But there are sacrifices, and the differences are clearly shown in Figure 1. This shows the modulus vs. temperature behavior of a slow- and a fast-crystallizing partially aromatic polyamide along with a standard nylon 6/6. The higher-performing partially aromatic nylon requires an elevated mold temperature because it has a higher Tg.
The consequences of this higher Tg in performance are apparent. The modulus of this material is essentially constant between room temperature and approximately 140°C. However, the grade that can be molded in a water-heated tool begins to lose stiffness at about 75°C-80°C and at 140°C-150°C possesses only about 50% of the modulus of the higher-performing material. Chemically, the material supplier has manipulated the polymer structure to reduce the Tg, thereby making it possible to achieve the proper degree of crystallinity without resorting to the higher mold temperatures that oil and electric heat provide.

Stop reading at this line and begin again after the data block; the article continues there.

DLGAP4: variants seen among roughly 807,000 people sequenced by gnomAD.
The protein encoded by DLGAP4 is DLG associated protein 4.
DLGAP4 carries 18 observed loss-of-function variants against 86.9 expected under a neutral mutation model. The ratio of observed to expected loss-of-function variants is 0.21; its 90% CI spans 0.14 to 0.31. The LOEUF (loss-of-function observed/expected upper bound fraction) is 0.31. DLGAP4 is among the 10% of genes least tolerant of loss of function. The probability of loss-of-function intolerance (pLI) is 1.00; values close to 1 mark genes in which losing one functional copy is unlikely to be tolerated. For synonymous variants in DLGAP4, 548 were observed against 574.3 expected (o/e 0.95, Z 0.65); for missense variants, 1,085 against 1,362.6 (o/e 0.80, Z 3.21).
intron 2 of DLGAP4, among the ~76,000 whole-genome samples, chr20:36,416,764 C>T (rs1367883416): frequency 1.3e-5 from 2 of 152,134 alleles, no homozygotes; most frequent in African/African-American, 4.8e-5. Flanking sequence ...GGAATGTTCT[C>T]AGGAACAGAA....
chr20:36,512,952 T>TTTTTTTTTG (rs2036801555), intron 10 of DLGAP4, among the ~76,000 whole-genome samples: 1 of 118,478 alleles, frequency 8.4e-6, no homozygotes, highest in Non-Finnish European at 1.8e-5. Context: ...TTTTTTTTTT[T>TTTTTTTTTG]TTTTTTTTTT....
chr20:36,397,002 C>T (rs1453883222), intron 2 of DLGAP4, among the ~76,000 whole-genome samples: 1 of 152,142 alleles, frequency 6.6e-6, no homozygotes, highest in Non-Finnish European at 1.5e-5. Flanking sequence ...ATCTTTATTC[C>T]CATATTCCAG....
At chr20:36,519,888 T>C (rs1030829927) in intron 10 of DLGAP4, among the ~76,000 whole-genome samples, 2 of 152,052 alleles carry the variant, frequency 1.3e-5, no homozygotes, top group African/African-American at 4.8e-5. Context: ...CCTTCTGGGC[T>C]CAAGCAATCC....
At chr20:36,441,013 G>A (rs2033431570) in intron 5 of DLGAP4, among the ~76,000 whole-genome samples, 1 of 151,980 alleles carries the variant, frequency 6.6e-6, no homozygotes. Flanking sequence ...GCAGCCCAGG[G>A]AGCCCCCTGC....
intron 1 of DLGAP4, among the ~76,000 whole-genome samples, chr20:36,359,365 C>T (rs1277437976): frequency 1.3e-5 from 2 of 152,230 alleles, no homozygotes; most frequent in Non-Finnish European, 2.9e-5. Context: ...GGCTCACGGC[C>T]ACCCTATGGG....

The differences in performance are more significant than they might first appear. A very important principle governing the behavior of viscoelastic materials is that the effects of temperature and time are equivalent for relaxation processes such as the glass transition. This means that if you want to make a quick comparison of the time-dependent behavior of two materials, simply select an application temperature on the modulus vs. temperature plots and then look at what happens as a function of increasing temperature. This behavior mirrors what will happen under load over time at that temperature. The greater the reduction in modulus that occurs with temperature, the greater the level of creep strain that can be anticipated over time.